How Can You Reduce Construction Delays?
A construction delay is an all too common problem within the construction industry.
It's estimated that the construction industry's average project can expect a minimum 20-month delay and an 80% budget overrun.
That means there is plenty of room for improvement in how the industry designs, communicates, and builds.
And, the International Journal of Project Management has reported that there are 28 different causes for a construction delay.
So countless parameters need to be considered when you begin to develop your construction project.
To make matters worse, every delay will come with several severe ramifications to the project's progress.
Here are a few examples of the most significant problems that can occur after a project delay in construction:
- Additional labor wages
- The extra cost for materials and storage
- Legal disputes
- Cash flow issues
- Damage to your reputation
No matter what type of project you have, excessive administrative work and hours of meetings are two of the main factors leading to many construction delays.
And what's worse is that many industry stakeholders just consider this as "part of the job."
This belief is far from accurate because many of these meetings and admin work can be eliminated by digitizing your progress reporting processes.
With that said, below we will discuss several steps that will help you prevent common construction delays.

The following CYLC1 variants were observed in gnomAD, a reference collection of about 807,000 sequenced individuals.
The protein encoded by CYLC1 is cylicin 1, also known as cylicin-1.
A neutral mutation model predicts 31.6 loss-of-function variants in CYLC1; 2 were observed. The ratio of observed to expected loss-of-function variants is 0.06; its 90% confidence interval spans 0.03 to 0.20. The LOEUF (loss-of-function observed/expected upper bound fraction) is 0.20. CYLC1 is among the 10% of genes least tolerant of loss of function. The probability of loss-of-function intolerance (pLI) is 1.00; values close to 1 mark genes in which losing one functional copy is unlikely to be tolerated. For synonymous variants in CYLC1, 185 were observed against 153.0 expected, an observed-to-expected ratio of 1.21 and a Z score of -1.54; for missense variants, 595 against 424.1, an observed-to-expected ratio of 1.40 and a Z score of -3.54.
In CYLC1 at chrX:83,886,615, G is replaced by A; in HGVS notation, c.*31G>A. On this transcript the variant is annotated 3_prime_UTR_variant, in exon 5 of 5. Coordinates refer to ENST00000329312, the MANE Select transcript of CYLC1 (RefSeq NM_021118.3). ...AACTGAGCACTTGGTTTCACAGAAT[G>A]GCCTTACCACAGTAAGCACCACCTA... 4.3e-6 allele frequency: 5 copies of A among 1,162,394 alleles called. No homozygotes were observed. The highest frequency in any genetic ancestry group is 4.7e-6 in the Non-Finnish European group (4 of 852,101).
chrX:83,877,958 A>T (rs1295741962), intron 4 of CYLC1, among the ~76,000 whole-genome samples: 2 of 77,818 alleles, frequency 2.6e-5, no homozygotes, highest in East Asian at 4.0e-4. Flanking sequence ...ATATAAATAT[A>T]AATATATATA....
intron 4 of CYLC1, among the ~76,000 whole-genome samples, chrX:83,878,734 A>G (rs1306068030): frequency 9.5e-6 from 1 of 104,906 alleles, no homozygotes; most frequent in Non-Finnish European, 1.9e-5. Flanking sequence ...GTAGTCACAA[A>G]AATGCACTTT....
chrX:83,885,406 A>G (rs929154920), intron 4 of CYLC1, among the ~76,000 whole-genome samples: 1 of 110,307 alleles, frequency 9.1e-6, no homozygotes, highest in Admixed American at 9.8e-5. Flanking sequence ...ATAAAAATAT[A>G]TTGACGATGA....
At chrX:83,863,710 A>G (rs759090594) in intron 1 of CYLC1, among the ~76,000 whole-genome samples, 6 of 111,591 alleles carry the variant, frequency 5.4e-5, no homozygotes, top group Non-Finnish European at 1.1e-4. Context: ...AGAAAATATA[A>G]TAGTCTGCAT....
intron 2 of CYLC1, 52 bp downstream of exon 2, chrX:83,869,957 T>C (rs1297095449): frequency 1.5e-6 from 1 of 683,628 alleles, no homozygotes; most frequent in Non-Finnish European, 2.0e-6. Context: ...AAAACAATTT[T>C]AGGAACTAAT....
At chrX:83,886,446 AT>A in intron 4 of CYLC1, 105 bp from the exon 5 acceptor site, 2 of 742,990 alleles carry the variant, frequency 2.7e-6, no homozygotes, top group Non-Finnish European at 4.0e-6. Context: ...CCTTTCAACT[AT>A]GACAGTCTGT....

Table of Contents
- Minimizing Construction Delays and Blockers
- Go Digital With Progress Reporting
- Improve Management Methods
- Reduce Admin Workload
- Plan Ahead
- Establish A Single Source of Truth
- Assign Clear Roles and Responsibilities
- What Do You Do To Reduce Delays?
Minimizing Construction Delays and Blockers
There are two main types of problems that prevent jobs from finishing on time.
Those problems are delays and blockers. The best project managers will know how to identify and address each type.
Construction delays happen when things don't go according to plan.
Since construction is often sequential, things will often happen that aren't in your plans.
So if you were planning to pour concrete in a specific two-day window, it could end up raining.
If this happens, your entire project must be pushed back at least two days, and your other contractors have to reschedule.
You can also be delayed if one of your subcontractors doesn't show up on time, if work takes longer than expected, or if a material shipment gets delayed.
Blockers differ from delays because a blocker is a task that must be completed before other tasks can be undertaken.